“Our bottom line is that we have to raise £10 million per year and it looks likely that we’ve raised that irrespective of lockdown. We’re so humbled that the support is still there.”

Given the organisation’s charity status, is does not qualify for support from some of the work that fundraisers have conducted during the past year.

So, for instance, the vast treasure of money generated by the late Captain Sir Tom Moore remains out of bounds.

“We don’t get the NHS charity funding,” said Ms Stevens. “It’s purely down to the communities.”

That funding supports 2,000 missions per year across a huge geographical area that takes parts of rural Shropshire, Staffordshire and Worcestershire as well as the urban sprawl of the Black County and Birmingham.

It is clear that those will be maintained thanks to the innovation of fundraising staff and the support of local communities.

As lockdown slowly starts to ease, the organisation is seeing a return to the types of missions it flew before the pandemic.

“When we went into the first lockdown, there was a big drop in the number of road accidents because there were far fewer vehicles on our roads,” said Ms Stevens.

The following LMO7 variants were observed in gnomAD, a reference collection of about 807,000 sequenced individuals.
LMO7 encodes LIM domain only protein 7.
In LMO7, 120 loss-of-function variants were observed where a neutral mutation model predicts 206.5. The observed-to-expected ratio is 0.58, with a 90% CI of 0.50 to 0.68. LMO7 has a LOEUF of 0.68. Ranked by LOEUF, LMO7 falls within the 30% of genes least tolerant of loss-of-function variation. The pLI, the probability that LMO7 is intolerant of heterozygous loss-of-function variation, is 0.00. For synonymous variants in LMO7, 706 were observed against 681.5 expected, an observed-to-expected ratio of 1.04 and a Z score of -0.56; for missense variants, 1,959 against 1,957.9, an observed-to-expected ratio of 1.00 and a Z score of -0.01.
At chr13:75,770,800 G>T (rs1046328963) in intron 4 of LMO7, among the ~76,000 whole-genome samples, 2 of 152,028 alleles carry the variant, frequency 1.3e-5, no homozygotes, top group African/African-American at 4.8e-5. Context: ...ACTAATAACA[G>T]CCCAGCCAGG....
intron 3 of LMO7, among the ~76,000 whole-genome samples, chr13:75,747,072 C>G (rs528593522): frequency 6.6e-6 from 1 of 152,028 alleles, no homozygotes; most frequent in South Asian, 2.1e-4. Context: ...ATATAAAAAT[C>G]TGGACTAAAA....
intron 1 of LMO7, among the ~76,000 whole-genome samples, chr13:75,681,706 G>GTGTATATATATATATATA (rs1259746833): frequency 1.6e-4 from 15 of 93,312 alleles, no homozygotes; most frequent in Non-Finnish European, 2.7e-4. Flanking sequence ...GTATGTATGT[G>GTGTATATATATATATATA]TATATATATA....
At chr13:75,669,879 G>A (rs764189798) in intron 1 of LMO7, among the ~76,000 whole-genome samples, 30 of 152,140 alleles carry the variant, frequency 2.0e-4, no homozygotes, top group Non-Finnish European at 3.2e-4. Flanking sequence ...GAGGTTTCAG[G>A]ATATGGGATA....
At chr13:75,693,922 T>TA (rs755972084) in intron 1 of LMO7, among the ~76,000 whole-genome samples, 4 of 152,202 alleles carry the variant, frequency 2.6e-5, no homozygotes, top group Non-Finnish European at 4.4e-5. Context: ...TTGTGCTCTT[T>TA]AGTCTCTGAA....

“However, during the first lockdown, people seemed to be driving faster because the roads were clear. So when we were called out to collisions, they were frequently worse and people were suffering more severe injuries because speed was increasingly a factor.

“As we emerge from lockdown, our work is starting to revert back to the sort of pattern we experienced previously.

"So we’re seeing more road traffic collisions that involve car versus car, rather than car versus pedal cycle.

“We’re going out to a lot more cardiac arrest. There has been a rise in equestrian incidents and accidents in other sports as people start to get out and about a bit more.

“Another cause for concern is stabbings, which have risen during the past five years.

"You could be forgiven for thinking those happen at night in inner cities – but clearly that cannot be the case because we don’t fly after 8pm. In fact, we are seeing those in daytime and in rural areas as well as our town centres.”

The pandemic created a once-in-a-lifetime challenge for the Midlands Air Ambulance. Thankfully, it’s a challenge that the service has been able to meet.

For more information or to make a donation, visit midlandsairambulance.com